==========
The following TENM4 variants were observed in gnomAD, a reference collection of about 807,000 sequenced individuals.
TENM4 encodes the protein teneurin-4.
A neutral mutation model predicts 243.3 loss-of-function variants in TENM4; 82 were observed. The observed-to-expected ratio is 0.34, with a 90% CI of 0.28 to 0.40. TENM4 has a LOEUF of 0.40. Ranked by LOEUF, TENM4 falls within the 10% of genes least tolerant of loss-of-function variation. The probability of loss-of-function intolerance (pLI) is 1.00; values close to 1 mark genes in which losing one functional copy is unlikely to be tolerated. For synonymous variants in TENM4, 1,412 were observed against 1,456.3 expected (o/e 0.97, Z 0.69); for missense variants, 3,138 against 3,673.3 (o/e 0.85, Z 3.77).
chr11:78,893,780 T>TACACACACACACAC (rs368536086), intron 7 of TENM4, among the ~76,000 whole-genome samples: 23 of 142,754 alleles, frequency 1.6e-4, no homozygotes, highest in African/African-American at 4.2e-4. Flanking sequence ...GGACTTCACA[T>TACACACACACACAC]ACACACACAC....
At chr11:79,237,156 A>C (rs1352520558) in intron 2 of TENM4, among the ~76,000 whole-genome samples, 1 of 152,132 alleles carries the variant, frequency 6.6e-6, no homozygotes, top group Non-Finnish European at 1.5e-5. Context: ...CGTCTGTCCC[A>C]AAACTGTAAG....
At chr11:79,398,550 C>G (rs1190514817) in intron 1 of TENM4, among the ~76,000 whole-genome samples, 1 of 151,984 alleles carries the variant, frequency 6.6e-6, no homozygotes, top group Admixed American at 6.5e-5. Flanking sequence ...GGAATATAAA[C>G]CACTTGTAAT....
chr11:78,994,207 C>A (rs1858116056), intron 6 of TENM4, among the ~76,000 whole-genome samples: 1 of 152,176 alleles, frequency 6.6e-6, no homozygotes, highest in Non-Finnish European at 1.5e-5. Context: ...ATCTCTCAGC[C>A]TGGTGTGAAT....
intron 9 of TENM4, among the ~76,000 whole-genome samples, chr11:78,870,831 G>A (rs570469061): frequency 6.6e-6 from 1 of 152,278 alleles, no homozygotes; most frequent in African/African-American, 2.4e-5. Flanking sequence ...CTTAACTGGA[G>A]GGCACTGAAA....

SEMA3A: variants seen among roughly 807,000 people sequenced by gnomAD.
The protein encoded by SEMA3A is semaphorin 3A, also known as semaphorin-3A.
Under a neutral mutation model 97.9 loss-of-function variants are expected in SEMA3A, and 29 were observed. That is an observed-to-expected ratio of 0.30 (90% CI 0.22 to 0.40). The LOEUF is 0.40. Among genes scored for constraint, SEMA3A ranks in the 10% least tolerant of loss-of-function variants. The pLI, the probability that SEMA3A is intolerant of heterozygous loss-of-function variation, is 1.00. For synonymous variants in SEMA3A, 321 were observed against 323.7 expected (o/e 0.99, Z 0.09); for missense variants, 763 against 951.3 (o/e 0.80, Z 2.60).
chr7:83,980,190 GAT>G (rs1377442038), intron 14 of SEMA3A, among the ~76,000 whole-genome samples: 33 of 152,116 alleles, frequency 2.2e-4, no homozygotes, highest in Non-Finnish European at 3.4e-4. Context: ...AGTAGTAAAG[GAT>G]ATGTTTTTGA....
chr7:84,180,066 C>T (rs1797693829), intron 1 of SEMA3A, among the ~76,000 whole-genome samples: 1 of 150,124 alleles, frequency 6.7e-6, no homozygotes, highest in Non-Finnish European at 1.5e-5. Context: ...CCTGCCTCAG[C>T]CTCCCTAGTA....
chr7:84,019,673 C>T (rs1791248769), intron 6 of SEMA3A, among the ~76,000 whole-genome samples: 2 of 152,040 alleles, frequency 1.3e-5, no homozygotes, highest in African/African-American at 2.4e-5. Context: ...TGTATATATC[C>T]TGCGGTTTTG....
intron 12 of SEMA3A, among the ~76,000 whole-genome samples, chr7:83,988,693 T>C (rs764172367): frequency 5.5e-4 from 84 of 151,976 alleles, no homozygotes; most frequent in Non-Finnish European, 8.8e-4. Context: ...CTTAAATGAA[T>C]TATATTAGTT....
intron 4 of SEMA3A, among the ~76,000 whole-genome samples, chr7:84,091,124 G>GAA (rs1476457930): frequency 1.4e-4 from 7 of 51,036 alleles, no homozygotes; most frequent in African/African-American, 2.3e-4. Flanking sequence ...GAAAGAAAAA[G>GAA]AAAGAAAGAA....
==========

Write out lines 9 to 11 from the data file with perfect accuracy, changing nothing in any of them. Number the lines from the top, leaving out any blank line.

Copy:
SEMA3A: variants seen among roughly 807,000 people sequenced by gnomAD.
The protein encoded by SEMA3A is semaphorin 3A, also known as semaphorin-3A.
Under a neutral mutation model 97.9 loss-of-function variants are expected in SEMA3A, and 29 were observed. That is an observed-to-expected ratio of 0.30 (90% CI 0.22 to 0.40). The LOEUF is 0.40. Among genes scored for constraint, SEMA3A ranks in the 10% least tolerant of loss-of-function variants. The pLI, the probability that SEMA3A is intolerant of heterozygous loss-of-function variation, is 1.00. For synonymous variants in SEMA3A, 321 were observed against 323.7 expected (o/e 0.99, Z 0.09); for missense variants, 763 against 951.3 (o/e 0.80, Z 2.60).